Trader Warns: Don’t Shrug Off Friday’s Data, “It’s Getting More, Not Less Important”

Monday, April 2, 2018
By Paul Martin

by Tyler Durden
Mon, 04/02/2018

With the memory of a goldilocks still in the back in investors’ minds, this Friday’s payrolls data has somehow been demoted from critical import in the bull’s narrative (hey look over here at earnings growth…). However, as former fund manager Richard Breslow notes, that is a mistake traders should not make – Friday’s jobs data will still be a big event.

Via Bloomberg,

We live in a world that fixates on every economic release and then parses in minute detail the deeper meaning of every beat or miss. So it’s more than odd to hear a lot of people tell me this coming Friday’s non-farm payrolls report isn’t that big a deal. It’s understandable why that might be a popular opinion. But it’s wrong. These numbers are getting more, not less, important.

The argument runs something along the lines of “Ho hum. Another big print with no signs of inflation and therefore nothing to be learned here.” The dot debate to be continued as before. The flip-side is that we are here in bonds, equities and the dollar largely because of this continuing and confusing set of details. And few traders would argue that any of these markets look at all stable given current prices.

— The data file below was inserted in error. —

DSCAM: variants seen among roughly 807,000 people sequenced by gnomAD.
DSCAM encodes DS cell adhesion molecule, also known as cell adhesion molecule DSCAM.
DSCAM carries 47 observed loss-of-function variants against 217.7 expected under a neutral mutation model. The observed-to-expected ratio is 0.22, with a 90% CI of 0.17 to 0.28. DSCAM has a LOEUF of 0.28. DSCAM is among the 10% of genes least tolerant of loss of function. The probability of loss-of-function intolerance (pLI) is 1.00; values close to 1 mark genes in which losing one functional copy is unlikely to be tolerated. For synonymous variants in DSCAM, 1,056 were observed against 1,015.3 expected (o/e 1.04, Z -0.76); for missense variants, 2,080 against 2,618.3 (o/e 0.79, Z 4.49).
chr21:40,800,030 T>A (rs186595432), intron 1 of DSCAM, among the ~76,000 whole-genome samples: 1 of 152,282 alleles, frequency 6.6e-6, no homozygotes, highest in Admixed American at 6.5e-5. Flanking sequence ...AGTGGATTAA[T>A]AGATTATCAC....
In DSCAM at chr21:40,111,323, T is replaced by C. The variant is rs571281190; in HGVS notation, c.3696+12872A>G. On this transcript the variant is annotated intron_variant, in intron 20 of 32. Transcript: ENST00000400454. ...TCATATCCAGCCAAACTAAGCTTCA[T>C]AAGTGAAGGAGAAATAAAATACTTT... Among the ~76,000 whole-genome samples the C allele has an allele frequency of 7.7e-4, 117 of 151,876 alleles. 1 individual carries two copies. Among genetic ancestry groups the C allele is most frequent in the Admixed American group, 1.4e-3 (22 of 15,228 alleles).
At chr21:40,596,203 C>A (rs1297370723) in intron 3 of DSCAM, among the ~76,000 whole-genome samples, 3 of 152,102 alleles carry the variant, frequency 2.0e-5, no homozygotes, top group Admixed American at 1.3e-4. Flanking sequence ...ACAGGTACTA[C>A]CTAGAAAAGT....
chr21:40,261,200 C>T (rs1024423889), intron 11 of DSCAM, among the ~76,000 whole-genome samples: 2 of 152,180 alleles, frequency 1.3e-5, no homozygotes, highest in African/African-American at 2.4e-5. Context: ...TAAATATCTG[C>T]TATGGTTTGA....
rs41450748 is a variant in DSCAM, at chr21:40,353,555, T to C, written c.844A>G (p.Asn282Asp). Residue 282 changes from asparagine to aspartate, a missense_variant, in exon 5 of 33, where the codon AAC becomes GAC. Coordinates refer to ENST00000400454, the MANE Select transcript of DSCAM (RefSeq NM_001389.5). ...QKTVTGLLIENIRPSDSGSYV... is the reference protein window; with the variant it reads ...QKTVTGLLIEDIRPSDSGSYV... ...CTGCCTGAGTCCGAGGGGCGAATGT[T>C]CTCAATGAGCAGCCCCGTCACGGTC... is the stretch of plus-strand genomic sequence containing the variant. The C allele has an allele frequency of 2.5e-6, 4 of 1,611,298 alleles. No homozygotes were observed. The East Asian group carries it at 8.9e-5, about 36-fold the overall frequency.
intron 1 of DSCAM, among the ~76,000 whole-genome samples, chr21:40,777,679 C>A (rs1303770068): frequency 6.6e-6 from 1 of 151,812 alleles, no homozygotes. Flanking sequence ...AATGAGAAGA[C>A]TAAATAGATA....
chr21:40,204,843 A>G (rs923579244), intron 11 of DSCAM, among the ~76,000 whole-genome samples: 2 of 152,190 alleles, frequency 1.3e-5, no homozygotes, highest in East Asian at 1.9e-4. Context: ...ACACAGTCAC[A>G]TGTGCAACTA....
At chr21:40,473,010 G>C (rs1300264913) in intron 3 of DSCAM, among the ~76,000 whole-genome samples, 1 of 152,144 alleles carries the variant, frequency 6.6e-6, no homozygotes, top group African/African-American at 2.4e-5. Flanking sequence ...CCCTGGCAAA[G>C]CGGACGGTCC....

There is nothing in job growth running above 200k per month to be dismissive about. That’s an unambiguously strong result. And the rolling average has been increasing. This doesn’t look like a number hanging on by its fingernails to maintain the upbeat version of the “how’s the economy doing?” question.

But, given wages, hours worked and participation rates, traders need high job creation levels to compensate. Of course, there is always the possibility that the report’s “guts” do the heavy lifting this time around and then things could get very interesting indeed.

The economic debate stands at an unusual crossroad. You have people simultaneously talking about an economy overheating while others are waiting for the recession to hit. Like society in general, it appears there is no middle ground. It seems oddly simple for the mood to shift back and forth. And to send asset prices running to reprice accordingly.

The Rest…HERE

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